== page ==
Piracy on the web: after Napster, Gnutella

The story began with the technology known as MP3, which allows digital music files to be compressed by about a factor of ten, with almost no loss of quality....

The story began with the technology known as MP3, which allows digital music files to be compressed by about a factor of ten, with almost no loss of quality. That means that a track from an audio CD, which typically has around 30 Mbytes of data, becomes 3 Mbytes.

Until a couple of years ago, sending 3Mbytes across the Internet would have taken half an hour - but with arrival of 56Kbps modems, and ISDN, that time is cut to about five minutes.

So around two years ago, more people started swapping MP3 versions of tracks from their favourite albums.

Although an infringement of copyright, this was not too big a problem, because it was relatively easy for the record companies to locate and close down Net sites holding large numbers of such files. This made finding and swapping files a haphazard and occasional activity for music fans.

And then along came a program called Napster. This effectively allows users to find MP3 files held on other Napster users' hard discs. Now it was easy to swap thousands of files online - and the copyright infringement issues started to take a more serious turn.

The band Metallica didn't take kindly to the idea of its music being passed around in this way, and started getting heavy with the company behind Napster. Metallica's agents succeeded in obtaining a list of over 300,000 people who were alleged to have swapped Metallica files using Napster.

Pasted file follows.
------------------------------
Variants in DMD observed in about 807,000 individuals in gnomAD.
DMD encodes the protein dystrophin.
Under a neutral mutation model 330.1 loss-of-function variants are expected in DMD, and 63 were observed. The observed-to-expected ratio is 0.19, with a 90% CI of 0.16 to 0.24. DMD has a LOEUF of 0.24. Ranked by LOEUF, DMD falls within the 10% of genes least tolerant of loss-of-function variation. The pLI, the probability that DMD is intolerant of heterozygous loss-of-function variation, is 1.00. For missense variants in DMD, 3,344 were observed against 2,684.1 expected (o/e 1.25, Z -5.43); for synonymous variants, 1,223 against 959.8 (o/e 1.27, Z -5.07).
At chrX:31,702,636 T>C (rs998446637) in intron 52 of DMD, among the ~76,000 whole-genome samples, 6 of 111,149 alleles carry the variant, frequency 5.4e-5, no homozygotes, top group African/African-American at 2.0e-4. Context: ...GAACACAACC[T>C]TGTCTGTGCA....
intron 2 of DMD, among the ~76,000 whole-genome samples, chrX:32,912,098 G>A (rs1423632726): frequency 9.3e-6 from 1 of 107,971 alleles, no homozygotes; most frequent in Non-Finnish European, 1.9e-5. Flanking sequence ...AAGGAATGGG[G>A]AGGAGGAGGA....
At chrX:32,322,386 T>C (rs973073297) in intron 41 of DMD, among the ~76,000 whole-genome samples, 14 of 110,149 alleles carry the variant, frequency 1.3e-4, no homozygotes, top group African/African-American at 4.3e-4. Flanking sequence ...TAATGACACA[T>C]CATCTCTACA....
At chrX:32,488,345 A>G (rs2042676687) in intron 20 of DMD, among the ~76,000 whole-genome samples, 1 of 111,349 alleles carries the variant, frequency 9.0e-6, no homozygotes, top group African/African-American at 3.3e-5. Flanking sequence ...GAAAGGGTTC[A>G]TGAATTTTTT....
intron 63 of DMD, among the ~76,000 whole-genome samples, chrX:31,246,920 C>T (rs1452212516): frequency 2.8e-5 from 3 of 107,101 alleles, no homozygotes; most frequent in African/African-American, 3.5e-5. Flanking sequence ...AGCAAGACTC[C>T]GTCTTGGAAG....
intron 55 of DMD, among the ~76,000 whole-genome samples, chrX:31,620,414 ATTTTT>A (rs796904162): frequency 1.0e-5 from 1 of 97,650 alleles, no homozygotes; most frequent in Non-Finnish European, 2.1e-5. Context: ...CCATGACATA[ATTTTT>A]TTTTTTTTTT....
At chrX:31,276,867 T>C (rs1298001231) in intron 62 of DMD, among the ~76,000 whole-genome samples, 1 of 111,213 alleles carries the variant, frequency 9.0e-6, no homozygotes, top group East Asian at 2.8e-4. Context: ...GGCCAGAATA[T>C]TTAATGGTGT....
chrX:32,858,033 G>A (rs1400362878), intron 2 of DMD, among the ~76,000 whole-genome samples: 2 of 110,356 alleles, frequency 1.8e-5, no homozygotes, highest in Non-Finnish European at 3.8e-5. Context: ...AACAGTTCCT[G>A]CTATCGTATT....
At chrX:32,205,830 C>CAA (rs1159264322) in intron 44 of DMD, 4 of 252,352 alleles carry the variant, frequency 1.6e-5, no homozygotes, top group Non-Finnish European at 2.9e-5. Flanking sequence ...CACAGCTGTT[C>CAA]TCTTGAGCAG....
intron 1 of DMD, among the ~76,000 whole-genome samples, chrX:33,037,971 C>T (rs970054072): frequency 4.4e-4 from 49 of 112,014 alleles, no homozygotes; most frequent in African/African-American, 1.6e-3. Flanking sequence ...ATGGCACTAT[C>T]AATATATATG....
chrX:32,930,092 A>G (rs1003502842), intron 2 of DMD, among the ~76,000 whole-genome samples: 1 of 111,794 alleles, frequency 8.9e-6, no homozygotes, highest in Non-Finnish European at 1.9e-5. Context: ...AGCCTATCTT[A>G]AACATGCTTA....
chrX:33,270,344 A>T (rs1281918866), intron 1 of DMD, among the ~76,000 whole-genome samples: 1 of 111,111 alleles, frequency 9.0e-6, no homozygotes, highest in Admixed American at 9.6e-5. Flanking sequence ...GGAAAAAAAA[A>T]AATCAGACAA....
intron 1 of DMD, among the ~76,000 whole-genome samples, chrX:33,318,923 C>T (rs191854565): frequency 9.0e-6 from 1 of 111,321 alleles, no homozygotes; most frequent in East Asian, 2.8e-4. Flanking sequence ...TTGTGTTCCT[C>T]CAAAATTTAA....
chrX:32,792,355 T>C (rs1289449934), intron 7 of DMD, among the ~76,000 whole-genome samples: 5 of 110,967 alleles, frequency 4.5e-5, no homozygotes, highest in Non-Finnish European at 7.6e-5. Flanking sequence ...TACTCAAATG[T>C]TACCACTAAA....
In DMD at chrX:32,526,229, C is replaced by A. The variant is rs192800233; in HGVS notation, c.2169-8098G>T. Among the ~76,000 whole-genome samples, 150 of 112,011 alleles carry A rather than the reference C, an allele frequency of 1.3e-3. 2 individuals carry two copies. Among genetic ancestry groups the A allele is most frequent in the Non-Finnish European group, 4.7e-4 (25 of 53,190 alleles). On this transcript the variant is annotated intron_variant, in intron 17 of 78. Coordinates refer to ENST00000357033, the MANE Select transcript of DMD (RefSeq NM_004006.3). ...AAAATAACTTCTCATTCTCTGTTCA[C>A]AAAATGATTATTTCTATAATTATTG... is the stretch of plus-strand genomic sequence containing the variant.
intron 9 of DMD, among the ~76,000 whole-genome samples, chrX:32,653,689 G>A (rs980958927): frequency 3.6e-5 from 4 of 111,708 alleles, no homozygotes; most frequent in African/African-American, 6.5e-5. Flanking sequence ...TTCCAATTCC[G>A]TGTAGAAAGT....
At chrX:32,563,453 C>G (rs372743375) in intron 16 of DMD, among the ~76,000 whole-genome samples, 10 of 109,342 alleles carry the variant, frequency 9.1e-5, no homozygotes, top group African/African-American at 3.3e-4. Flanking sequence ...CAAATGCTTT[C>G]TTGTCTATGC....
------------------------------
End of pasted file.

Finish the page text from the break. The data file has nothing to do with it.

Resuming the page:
Metallica insisted that they be thrown off the Napster system. Aside from the folly of alienating a third of a million people who might well have paid to download your music, the move was unwise for other reasons.

Metallica was able to single out those 300,000 people because Napster holds a centralised directory of users. But an alternative system, called Gnutella, is completely decentralised. That is, there is no central point that Metallica can exploit to track down users. Moreover, Gnutella is free software - there is no company that Metallica could sue. In other words, there is nothing that Metallica can do to stop the exchange of its music - not least by all the ex-Napster users who have doubtless now switched systems.

Gnutella can be used to swap anything: music, images, texts. What we are witnessing is the death of copyright, courtesy of the Net. E-commerce companies whose model depends critically on making money from intellectual property need to start preparing for this now.

This was last published in May 2000

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